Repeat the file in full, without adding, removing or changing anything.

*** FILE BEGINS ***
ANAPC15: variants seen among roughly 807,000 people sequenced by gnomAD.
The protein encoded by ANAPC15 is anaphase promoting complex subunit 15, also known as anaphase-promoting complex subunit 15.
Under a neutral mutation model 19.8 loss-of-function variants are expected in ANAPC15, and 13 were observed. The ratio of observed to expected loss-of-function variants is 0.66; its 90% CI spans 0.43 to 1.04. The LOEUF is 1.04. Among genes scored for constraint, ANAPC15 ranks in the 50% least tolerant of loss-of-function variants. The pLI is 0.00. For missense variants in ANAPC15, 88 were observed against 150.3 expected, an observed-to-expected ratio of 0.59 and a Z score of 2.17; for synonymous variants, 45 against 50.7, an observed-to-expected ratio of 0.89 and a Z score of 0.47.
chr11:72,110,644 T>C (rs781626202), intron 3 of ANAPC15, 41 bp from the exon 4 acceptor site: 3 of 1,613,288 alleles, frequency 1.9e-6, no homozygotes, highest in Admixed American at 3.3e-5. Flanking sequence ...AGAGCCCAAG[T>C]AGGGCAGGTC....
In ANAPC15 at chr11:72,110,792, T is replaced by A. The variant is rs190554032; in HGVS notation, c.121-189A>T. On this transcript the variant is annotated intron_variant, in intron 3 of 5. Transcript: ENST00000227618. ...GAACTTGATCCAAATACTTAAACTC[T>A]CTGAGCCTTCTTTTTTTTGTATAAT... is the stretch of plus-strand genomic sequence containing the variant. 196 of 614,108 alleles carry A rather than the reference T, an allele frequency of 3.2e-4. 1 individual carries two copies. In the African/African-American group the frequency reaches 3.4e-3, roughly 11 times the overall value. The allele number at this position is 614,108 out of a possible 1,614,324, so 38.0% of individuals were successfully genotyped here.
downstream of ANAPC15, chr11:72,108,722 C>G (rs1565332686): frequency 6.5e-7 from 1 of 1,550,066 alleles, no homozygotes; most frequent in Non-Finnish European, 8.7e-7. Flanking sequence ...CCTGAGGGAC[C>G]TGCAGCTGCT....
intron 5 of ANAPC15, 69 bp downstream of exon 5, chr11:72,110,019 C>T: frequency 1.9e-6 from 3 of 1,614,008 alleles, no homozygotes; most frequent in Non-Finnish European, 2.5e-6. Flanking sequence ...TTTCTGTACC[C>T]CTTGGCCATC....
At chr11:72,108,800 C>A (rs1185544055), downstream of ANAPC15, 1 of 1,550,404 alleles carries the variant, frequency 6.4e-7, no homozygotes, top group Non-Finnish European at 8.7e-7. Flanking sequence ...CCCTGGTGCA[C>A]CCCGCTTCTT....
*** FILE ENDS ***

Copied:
ANAPC15: variants seen among roughly 807,000 people sequenced by gnomAD.
The protein encoded by ANAPC15 is anaphase promoting complex subunit 15, also known as anaphase-promoting complex subunit 15.
Under a neutral mutation model 19.8 loss-of-function variants are expected in ANAPC15, and 13 were observed. The ratio of observed to expected loss-of-function variants is 0.66; its 90% CI spans 0.43 to 1.04. The LOEUF is 1.04. Among genes scored for constraint, ANAPC15 ranks in the 50% least tolerant of loss-of-function variants. The pLI is 0.00. For missense variants in ANAPC15, 88 were observed against 150.3 expected, an observed-to-expected ratio of 0.59 and a Z score of 2.17; for synonymous variants, 45 against 50.7, an observed-to-expected ratio of 0.89 and a Z score of 0.47.
chr11:72,110,644 T>C (rs781626202), intron 3 of ANAPC15, 41 bp from the exon 4 acceptor site: 3 of 1,613,288 alleles, frequency 1.9e-6, no homozygotes, highest in Admixed American at 3.3e-5. Flanking sequence ...AGAGCCCAAG[T>C]AGGGCAGGTC....
In ANAPC15 at chr11:72,110,792, T is replaced by A. The variant is rs190554032; in HGVS notation, c.121-189A>T. On this transcript the variant is annotated intron_variant, in intron 3 of 5. Transcript: ENST00000227618. ...GAACTTGATCCAAATACTTAAACTC[T>A]CTGAGCCTTCTTTTTTTTGTATAAT... is the stretch of plus-strand genomic sequence containing the variant. 196 of 614,108 alleles carry A rather than the reference T, an allele frequency of 3.2e-4. 1 individual carries two copies. In the African/African-American group the frequency reaches 3.4e-3, roughly 11 times the overall value. The allele number at this position is 614,108 out of a possible 1,614,324, so 38.0% of individuals were successfully genotyped here.
downstream of ANAPC15, chr11:72,108,722 C>G (rs1565332686): frequency 6.5e-7 from 1 of 1,550,066 alleles, no homozygotes; most frequent in Non-Finnish European, 8.7e-7. Flanking sequence ...CCTGAGGGAC[C>G]TGCAGCTGCT....
intron 5 of ANAPC15, 69 bp downstream of exon 5, chr11:72,110,019 C>T: frequency 1.9e-6 from 3 of 1,614,008 alleles, no homozygotes; most frequent in Non-Finnish European, 2.5e-6. Flanking sequence ...TTTCTGTACC[C>T]CTTGGCCATC....
At chr11:72,108,800 C>A (rs1185544055), downstream of ANAPC15, 1 of 1,550,404 alleles carries the variant, frequency 6.4e-7, no homozygotes, top group Non-Finnish European at 8.7e-7. Flanking sequence ...CCCTGGTGCA[C>A]CCCGCTTCTT....